10.08.2020 Boxing

I Was Destined To Be A World Boxing Champion – David Kotey

By Sammy Heywood Okine
I Was Destined To Be A World Boxing Champion – David Kotey
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Ghana’s first world champion, David Kotey aka D. K. Poison has revealed that he was destined to become a world boxing champion, and he really worked towards it and succeeded.

Speaking on GTV Sports Plus programme, ‘Night With The Champions’ hosted by boxing journalist/presenter, Mohammed Amin Lamptey, he said the WBC world featherweight boxing title was his reward to the nation, and out of his prize, the government of the day borrowed $45,000 which has been failed to pay back.

D. K. Poison disclosed that he never learnt the noble art of self defense anywhere but by himself, and winning the African and Commonwealth Boxing titles qualified him to fight for the world title.

According to him, he defeated Evans Armstrong of Australia for the Commonwealth title before beating Mexican Ruben Olivares for the WBC featherweight crown in the USA.

He said at the press conference before the world title fight, he knew the belt will be his, and even told the defending champion to hand it over to him.

He stressed that many boxing fans who watched the bout thought he was going to lose, but he punished his opponent with his superb skills and won in style, causing mayhem at the venue after the fight with fans throwing around anything they came across. His coach, Attuquaye Clottey was hit with a chair and had to visit the hospital.

D. K. Poison hinted that he took inspiration from Floyd Robertson, one of the nation’s best boxers who was robbed of the opportunity of becoming a world champion.

He had a total of 60 fights, winning 49 (31 by KO), lost 8 and drew three times.

His first professional bout was on 5 February 1966 in Accra when he outpointed his opponent over six rounds. He became the national featherweight champion that year. Although he fought once in neighbouring Togo in 1967, all his subsequent fights through to 1971 were in Ghana.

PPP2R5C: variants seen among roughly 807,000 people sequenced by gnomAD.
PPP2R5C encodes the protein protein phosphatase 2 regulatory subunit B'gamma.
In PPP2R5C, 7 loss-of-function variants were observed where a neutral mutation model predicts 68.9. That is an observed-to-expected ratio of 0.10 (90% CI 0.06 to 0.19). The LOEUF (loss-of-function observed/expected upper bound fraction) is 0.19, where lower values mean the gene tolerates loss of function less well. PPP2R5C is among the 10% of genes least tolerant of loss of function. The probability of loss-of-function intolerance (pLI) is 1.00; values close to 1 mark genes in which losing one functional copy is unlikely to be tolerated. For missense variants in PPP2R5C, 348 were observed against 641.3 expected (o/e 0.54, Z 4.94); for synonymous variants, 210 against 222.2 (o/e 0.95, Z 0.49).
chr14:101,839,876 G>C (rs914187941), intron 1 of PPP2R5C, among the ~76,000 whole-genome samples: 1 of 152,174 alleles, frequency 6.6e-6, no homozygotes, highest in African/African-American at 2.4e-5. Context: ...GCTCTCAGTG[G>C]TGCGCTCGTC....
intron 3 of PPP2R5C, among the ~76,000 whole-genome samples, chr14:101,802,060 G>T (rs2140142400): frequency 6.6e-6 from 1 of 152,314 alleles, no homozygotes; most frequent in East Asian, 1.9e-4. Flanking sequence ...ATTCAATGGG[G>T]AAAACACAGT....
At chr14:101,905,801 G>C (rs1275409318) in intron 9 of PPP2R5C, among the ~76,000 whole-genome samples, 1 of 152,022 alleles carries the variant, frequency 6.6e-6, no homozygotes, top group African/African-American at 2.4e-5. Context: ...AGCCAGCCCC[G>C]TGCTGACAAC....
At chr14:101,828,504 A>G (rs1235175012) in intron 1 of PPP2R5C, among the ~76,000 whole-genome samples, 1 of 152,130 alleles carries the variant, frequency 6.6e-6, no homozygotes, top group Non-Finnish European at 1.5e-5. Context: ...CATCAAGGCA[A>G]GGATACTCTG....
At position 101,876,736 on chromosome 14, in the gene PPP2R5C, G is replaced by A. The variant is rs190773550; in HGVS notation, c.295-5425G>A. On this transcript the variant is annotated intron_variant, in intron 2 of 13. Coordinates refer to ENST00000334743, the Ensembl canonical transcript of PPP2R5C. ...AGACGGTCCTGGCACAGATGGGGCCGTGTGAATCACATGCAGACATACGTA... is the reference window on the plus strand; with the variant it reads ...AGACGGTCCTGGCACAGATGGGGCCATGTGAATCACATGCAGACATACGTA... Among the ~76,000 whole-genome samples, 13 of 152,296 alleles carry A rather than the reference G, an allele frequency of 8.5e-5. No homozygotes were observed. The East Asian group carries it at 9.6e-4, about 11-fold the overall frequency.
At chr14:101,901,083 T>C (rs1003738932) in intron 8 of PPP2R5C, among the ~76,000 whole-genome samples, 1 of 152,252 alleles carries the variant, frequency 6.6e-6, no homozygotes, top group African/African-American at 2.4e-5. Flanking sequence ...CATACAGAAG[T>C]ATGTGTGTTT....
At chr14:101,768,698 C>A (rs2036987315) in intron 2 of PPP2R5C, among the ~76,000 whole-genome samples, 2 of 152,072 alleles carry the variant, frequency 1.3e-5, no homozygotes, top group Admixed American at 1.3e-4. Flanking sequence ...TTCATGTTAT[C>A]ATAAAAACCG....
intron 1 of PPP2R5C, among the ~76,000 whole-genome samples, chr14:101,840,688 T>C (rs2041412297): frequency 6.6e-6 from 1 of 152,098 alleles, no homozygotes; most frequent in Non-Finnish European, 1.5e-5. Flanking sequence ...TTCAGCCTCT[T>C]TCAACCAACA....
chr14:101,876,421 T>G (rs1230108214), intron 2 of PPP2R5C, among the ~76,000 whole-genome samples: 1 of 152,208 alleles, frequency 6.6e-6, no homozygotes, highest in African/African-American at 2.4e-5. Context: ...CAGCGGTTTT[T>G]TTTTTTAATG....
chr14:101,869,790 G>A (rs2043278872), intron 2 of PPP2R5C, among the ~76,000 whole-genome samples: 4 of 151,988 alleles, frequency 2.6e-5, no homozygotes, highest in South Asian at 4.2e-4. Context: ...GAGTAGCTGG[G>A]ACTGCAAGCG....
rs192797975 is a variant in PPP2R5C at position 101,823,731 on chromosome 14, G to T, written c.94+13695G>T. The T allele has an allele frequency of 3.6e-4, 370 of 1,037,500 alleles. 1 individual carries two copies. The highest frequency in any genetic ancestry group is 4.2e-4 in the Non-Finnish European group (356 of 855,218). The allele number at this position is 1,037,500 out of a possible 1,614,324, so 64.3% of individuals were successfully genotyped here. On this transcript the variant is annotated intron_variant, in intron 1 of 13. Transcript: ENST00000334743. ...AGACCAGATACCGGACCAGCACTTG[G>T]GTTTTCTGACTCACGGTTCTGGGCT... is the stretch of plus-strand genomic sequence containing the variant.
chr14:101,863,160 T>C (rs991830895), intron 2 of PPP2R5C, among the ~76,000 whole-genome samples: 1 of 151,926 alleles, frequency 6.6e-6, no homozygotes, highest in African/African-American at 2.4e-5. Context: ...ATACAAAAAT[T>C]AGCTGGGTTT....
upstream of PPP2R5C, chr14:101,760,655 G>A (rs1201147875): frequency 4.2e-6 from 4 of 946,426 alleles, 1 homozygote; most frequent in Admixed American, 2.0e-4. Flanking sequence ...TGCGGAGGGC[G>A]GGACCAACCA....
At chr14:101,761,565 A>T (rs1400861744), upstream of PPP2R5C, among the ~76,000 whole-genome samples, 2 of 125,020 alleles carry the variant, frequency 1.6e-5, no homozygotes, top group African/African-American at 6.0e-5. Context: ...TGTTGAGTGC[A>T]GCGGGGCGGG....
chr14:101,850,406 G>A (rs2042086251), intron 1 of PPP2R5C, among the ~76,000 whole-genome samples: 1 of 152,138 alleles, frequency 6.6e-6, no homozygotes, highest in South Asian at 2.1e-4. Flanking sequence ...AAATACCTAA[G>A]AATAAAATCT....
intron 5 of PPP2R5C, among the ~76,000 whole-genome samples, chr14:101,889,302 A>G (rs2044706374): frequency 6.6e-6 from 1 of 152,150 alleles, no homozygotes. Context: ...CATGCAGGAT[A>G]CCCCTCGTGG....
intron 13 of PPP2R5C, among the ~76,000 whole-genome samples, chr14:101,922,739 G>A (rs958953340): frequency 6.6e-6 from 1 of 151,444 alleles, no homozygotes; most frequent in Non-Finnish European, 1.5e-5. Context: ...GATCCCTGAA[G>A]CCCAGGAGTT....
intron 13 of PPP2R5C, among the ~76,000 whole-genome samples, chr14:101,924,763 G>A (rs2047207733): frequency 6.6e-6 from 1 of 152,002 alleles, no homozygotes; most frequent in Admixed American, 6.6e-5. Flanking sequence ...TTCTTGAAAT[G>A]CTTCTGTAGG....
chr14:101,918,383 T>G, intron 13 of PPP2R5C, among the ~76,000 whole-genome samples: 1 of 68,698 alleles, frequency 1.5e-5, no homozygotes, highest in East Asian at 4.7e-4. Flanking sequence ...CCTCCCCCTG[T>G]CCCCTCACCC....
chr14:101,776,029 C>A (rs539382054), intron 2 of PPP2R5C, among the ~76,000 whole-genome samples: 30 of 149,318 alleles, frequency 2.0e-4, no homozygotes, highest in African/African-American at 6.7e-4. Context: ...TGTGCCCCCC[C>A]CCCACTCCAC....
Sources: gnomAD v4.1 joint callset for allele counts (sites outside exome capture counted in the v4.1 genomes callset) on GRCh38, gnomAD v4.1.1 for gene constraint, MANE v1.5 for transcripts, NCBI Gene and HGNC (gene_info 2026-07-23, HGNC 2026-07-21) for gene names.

In 1972, he fought as much as seven times in Australia, winning five and losing two.

He won the African featherweight title on 2 February 1974 when he knocked out Tahar Ben Hassen in the first round of a scheduled 15 round fight in Tunis, Tunisia. Later on 7 December 1974, he also won the Commonwealth featherweight title with a technical knock out over Evan Armstrong, a British boxer in round 10 of a scheduled 15 rounds bout. This victory gave him an opportunity to go for the World Boxing Council version of the world title.

On 20 September 1975, in The Forum, Inglewood, California, United States, he beat Rubén Olivares by split points decision after 15 rounds to become the first Ghanaian world boxing champion.

He relinquished the African and Commonwealth titles following this victory. The Ghana government gave him an estate house at Teshie-Nungua, an Accra suburb in honour of these achievements in boxing.

He, however, lost the title in his third defence on 6 November 1976 by unanimous points decision to Danny "Little Red" Lopez in a fierce fight in Accra, Ghana. He is married with three daughters. He also defeated Fuku Yama in Japan.

DK Poison was never the same again after this defeat. He failed in 1978 to regain either the world or commonwealth featherweight titles. His last professional bout was in 1989 when he lost an African lightweight title fight.

According to reports and Kotey's own story, in 1976, he loaned an amount of 45,000 dollars to the Government of Ghana, then led by Ignatius Kutu Acheampong. The money was intended for the purchase of canned mackerel to mitigate the harsh economic and food conditions the country was facing. The loan had been facilitated by his management, which was led by Col John Slater.

According to Kotey, the money was part of his reward for defending his title against Japan's Fuku Yama in 1976.

The loan has not been paid back to date because shortly after the canned mackerels arrived in the country, the Acheampong's regime was overthrown by General Akuffo in a military palace coup in October 1975.

In September 2019, the president of Ghana, Nana Akufo Addo noted that he would look into the issue. This was at a meeting with a delegation of former world boxing champions from Ghana led by the Ghana Boxing Authority (GBA).

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